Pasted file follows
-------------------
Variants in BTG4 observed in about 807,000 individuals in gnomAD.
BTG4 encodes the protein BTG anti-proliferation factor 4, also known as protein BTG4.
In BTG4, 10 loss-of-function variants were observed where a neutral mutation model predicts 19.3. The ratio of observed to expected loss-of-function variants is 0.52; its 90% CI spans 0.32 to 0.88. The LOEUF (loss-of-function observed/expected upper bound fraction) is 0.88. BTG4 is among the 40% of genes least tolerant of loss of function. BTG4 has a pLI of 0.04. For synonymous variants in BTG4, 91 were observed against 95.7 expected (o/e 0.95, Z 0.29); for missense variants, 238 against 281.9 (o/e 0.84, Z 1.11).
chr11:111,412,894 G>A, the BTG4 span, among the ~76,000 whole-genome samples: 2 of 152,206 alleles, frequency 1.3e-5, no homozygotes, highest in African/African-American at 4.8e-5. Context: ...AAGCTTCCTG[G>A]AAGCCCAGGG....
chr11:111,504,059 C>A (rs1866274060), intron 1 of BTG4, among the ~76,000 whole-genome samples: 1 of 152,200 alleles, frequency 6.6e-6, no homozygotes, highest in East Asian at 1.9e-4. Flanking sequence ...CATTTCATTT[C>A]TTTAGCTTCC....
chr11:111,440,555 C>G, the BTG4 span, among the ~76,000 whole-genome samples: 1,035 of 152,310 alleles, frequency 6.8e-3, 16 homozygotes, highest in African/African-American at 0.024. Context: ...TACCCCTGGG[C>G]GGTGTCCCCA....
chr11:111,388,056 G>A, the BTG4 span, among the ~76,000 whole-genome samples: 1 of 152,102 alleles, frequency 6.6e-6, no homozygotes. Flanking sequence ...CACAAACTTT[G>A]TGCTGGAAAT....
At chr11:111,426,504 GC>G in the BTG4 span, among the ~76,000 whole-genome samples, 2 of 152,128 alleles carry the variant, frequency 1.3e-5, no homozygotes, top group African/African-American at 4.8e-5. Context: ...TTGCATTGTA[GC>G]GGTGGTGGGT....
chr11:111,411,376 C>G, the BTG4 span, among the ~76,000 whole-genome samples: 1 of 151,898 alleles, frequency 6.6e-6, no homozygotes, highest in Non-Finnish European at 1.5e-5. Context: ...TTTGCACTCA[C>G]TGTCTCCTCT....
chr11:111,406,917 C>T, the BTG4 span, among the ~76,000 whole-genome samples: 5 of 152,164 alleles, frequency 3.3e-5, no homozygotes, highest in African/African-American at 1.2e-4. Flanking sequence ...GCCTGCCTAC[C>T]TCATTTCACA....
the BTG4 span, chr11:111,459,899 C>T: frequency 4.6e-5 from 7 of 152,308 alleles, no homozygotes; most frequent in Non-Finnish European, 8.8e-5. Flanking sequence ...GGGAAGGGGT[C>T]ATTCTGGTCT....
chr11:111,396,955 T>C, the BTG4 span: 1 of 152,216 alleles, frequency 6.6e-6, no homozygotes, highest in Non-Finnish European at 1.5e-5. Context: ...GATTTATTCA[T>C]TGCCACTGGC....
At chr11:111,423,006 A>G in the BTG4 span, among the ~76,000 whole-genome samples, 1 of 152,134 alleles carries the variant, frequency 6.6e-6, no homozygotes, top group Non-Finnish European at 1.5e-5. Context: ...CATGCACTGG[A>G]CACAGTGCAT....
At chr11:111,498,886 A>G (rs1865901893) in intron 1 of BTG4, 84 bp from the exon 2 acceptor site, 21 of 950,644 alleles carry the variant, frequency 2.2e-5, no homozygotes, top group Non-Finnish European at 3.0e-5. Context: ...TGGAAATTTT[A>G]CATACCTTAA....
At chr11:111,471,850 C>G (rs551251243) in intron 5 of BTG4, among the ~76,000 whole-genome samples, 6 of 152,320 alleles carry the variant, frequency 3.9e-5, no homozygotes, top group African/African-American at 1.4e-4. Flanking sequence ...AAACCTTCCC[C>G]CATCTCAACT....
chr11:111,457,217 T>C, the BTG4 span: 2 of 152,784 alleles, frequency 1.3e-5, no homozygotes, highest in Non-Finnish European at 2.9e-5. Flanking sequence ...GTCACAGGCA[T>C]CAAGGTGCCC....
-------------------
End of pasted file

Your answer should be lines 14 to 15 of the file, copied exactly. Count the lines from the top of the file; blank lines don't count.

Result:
At chr11:111,498,886 A>G (rs1865901893) in intron 1 of BTG4, 84 bp from the exon 2 acceptor site, 21 of 950,644 alleles carry the variant, frequency 2.2e-5, no homozygotes, top group Non-Finnish European at 3.0e-5. Context: ...TGGAAATTTT[A>G]CATACCTTAA....
At chr11:111,471,850 C>G (rs551251243) in intron 5 of BTG4, among the ~76,000 whole-genome samples, 6 of 152,320 alleles carry the variant, frequency 3.9e-5, no homozygotes, top group African/African-American at 1.4e-4. Flanking sequence ...AAACCTTCCC[C>G]CATCTCAACT....